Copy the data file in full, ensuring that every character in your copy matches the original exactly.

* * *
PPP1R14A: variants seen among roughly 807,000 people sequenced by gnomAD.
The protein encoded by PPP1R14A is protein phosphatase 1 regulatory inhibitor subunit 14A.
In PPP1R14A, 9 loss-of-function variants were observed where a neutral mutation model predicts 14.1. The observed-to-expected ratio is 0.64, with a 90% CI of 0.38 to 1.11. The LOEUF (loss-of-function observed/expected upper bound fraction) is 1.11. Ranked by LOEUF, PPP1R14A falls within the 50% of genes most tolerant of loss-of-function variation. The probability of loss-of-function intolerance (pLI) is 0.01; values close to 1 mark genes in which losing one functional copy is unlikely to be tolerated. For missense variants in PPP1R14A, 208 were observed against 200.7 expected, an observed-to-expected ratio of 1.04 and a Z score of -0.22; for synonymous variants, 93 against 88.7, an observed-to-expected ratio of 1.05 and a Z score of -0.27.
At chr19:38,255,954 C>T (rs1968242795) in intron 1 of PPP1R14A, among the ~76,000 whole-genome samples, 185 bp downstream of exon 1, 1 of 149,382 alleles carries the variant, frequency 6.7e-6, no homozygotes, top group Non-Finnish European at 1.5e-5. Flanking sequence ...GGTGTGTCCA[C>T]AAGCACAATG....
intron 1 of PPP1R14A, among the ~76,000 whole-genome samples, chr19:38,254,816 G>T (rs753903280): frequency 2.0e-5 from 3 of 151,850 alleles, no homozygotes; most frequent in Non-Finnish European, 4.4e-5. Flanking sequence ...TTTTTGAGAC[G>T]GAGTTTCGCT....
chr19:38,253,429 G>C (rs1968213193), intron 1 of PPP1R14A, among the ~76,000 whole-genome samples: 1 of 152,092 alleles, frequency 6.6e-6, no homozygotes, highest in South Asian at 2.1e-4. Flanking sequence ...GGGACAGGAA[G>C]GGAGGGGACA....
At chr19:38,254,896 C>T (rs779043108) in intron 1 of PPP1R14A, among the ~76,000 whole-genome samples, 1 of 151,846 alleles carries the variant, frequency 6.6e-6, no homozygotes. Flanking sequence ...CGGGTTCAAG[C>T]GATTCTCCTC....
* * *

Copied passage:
PPP1R14A: variants seen among roughly 807,000 people sequenced by gnomAD.
The protein encoded by PPP1R14A is protein phosphatase 1 regulatory inhibitor subunit 14A.
In PPP1R14A, 9 loss-of-function variants were observed where a neutral mutation model predicts 14.1. The observed-to-expected ratio is 0.64, with a 90% CI of 0.38 to 1.11. The LOEUF (loss-of-function observed/expected upper bound fraction) is 1.11. Ranked by LOEUF, PPP1R14A falls within the 50% of genes most tolerant of loss-of-function variation. The probability of loss-of-function intolerance (pLI) is 0.01; values close to 1 mark genes in which losing one functional copy is unlikely to be tolerated. For missense variants in PPP1R14A, 208 were observed against 200.7 expected, an observed-to-expected ratio of 1.04 and a Z score of -0.22; for synonymous variants, 93 against 88.7, an observed-to-expected ratio of 1.05 and a Z score of -0.27.
At chr19:38,255,954 C>T (rs1968242795) in intron 1 of PPP1R14A, among the ~76,000 whole-genome samples, 185 bp downstream of exon 1, 1 of 149,382 alleles carries the variant, frequency 6.7e-6, no homozygotes, top group Non-Finnish European at 1.5e-5. Flanking sequence ...GGTGTGTCCA[C>T]AAGCACAATG....
intron 1 of PPP1R14A, among the ~76,000 whole-genome samples, chr19:38,254,816 G>T (rs753903280): frequency 2.0e-5 from 3 of 151,850 alleles, no homozygotes; most frequent in Non-Finnish European, 4.4e-5. Flanking sequence ...TTTTTGAGAC[G>T]GAGTTTCGCT....
chr19:38,253,429 G>C (rs1968213193), intron 1 of PPP1R14A, among the ~76,000 whole-genome samples: 1 of 152,092 alleles, frequency 6.6e-6, no homozygotes, highest in South Asian at 2.1e-4. Flanking sequence ...GGGACAGGAA[G>C]GGAGGGGACA....
At chr19:38,254,896 C>T (rs779043108) in intron 1 of PPP1R14A, among the ~76,000 whole-genome samples, 1 of 151,846 alleles carries the variant, frequency 6.6e-6, no homozygotes. Flanking sequence ...CGGGTTCAAG[C>T]GATTCTCCTC....